"We’re still very close friends," Macedonio said. "We just have differences in business. Honestly, the real reason why we broke up, you guys wrote about it, I was going through my divorce, I had my alcohol and drug problem ... Michael was one of my biggest supporters getting sober."

Macedonio said he's been sober for 15 years and has spoken at drug court graduations.

High profile cases

Presiding over the criminal case against Heuermann is Supreme Court Justice Timothy Mazzei, known for his sharp tongue and abrupt demeanor on the bench. Mazzei, a former Suffolk prosecutor and Brookhaven Town Councilman, is no stranger to high-profile cases. He recently presided over the trial of Angela Pollina, who was convicted of second-degree murder in the freezing death of 8-year-old Thomas Valva.

Supreme Court Justice Timothy Mazzei presides over a case at the...

Supreme Court Justice Timothy Mazzei presides over a case at the Arthur M. Cromarty Criminal Court in Riverhead in 2021. Credit: Randee Daddona

As a prosecutor in 1989, Mazzei lead the prosecution effort in the retrial of the John Pius murder case. Pius was the 13-year-old whose body was found behind a Smithtown elementary school in 1979 with stones crammed down his throat.

A key witness in the Pius case was ex-Suffolk Police Chief James Burke, a felon convicted of beating a handcuffed prisoner inside a police precinct in 2012 and then conspiring to cover it up. Burke has gotten into more legal trouble recently, with his August arrest for sexual misconduct at a county park. His case is pending.

Potential new witnesses

Meanwhile, Ray, who has a penchant for brightly colored suits and ties, reemerged in a big way Wednesday when he held a news conference outside his Miller Place office to announce that he had interviewed four witnesses that claimed to link Heuermann with Gilbert and one of the Gilgo Beach victims. Two of the witnesses made their claims in sworn affividavits.

Suffolk County District Attorney Ray Tierney in early August.

Suffolk County District Attorney Ray Tierney in early August. Credit: Randee Daddona

Suffolk Police Commissioner Rodney K. Harrison's appearance at the news conference, an unusual move for a top cop, drew the ire of Tierney, who issued a harshly worded statement criticizing Harrison and Ray — but not by name.

"The police commissioner’s having a press conference with a defense attorney who has a reputation for suing the police department?" said Suffolk Leg. Rob Trotta, a Republican who has been critical of Harrison. "I don’t think he’s making the rank-and-file police officers too happy."

Macedonio dismissed Ray’s news conference as a publicity stunt.

“This is John Ray trying to remain relevant in a case that several law enforcement officials have said his client has no link to,” Macedonio said. “It’s a desperate attempt to stay relevant in this case that has nothing to do with him. He’s spent the last 13 years of his life on a wild-goose chase.”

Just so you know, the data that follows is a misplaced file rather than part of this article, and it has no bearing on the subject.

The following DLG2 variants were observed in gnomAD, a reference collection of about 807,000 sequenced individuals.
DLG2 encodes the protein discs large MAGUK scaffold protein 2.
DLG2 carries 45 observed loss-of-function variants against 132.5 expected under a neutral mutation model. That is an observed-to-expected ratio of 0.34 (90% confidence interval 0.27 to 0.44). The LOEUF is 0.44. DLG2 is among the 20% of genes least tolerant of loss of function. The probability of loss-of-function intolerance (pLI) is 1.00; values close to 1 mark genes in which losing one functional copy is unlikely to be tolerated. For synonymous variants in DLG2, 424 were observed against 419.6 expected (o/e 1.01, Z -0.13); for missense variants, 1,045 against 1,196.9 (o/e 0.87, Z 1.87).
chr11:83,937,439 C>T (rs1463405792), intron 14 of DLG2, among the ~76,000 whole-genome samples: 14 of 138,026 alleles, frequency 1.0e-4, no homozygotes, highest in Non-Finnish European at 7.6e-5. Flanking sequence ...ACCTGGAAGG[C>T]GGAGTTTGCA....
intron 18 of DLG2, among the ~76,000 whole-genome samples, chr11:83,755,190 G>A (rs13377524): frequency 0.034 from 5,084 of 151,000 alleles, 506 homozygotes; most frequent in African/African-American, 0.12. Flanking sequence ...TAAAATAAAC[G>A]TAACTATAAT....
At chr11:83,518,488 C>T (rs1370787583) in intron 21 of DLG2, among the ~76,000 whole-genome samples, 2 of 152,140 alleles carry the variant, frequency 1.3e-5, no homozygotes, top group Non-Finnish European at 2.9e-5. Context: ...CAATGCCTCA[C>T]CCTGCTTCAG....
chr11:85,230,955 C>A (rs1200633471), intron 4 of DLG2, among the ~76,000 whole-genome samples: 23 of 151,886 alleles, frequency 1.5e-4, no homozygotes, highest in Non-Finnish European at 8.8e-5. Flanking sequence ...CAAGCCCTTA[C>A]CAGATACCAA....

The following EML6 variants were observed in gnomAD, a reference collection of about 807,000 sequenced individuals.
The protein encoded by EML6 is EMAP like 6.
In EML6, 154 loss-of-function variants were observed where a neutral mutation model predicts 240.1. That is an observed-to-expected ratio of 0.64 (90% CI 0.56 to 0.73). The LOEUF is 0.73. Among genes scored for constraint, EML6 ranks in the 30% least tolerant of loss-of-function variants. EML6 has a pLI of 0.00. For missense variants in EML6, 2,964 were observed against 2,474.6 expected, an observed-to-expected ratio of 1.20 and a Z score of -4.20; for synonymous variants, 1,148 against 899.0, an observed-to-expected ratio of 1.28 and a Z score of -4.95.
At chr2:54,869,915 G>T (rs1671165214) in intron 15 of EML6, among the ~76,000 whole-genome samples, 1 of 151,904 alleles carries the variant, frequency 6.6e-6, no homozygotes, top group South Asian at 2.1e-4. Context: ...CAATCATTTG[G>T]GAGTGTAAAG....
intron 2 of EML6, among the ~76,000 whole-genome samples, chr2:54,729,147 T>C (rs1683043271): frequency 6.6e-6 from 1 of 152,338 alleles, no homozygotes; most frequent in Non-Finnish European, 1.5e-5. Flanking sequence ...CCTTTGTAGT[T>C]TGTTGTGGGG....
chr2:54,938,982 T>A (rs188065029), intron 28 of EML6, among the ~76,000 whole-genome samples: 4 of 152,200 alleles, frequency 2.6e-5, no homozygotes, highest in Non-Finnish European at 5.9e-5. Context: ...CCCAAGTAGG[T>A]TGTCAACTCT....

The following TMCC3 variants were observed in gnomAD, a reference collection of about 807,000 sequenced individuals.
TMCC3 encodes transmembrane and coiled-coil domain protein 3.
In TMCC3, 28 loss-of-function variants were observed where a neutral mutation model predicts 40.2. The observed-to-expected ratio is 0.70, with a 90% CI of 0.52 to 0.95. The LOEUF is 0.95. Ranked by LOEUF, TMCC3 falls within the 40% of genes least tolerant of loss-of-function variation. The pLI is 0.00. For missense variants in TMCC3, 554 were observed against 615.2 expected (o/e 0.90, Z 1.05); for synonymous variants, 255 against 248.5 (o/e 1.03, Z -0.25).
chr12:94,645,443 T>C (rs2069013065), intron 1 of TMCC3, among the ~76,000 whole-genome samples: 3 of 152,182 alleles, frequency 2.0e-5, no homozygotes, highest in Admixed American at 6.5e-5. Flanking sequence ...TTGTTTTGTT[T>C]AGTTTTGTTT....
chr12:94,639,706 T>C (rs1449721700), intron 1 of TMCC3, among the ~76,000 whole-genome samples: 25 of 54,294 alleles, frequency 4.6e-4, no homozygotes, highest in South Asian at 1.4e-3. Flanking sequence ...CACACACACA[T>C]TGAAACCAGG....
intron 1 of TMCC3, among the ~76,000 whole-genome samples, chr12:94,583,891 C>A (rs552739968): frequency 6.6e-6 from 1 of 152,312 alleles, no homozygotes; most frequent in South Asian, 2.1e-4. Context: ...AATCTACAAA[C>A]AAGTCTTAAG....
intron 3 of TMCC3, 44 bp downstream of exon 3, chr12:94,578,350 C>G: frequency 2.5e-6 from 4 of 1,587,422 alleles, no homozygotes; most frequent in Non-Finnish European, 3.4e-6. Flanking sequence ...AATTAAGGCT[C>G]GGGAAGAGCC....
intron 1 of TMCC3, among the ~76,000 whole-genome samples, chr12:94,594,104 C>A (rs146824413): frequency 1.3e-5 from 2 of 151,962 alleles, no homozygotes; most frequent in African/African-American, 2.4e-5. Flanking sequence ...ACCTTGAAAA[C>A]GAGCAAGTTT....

When presented with Macedonio's quotes, Ray let out a hearty chuckle.

"Well, it's half true," Ray said. "What's half true? I'm trying."

Attorney Vess Mitev represents the children of the suspected Gilgo Beach...

Attorney Vess Mitev represents the children of the suspected Gilgo Beach serial killer Rex Heuermann. Credit: Newsday/J. Conrad Williams Jr.

Vess Mitev, a Stony Brook-based defense attorney and Ray's former law partner — the relationship apparently ended acrimoniously, though neither side would discuss the details publicly — is representing Ellerup's two adult children.

Going separate ways

Mitev, along with Macedonio, have stated their intention to file a precursor to a lawsuit against the Suffolk police over the destruction of property at the Heuermann home during a 12-day search following his arrest. The attorneys have said mattresses were slashed, the home's drain pipes were removed and even the family's underwear was seized by police.

"We just went our separate ways business-wise," said Mitev, when asked about leaving Ray's firm in 2020. "Business partnerships, like any relationship, sometimes work out and sometimes end. And this one had run its course."

Ray, for his part, called the parting "a terrible thing that happened" and added: "I don't really care about him at all. I don't really think about him. My tendency is when people hurt me, I just leave them alone."

But, he added: "You can't make this up. How could my former junior partner pop up representing these people out of all the people in the world?"

A tipster says he told the state about buried drums at Bethpage Community Park nearly a decade ago. Newsday's Ken Buffa reports. Credit: Newsday/Daddona / Pfost / Villa Loarca

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A tipster says he told the state about buried drums at Bethpage Community Park nearly a decade ago. Newsday's Ken Buffa reports. Credit: Newsday/Daddona / Pfost / Villa Loarca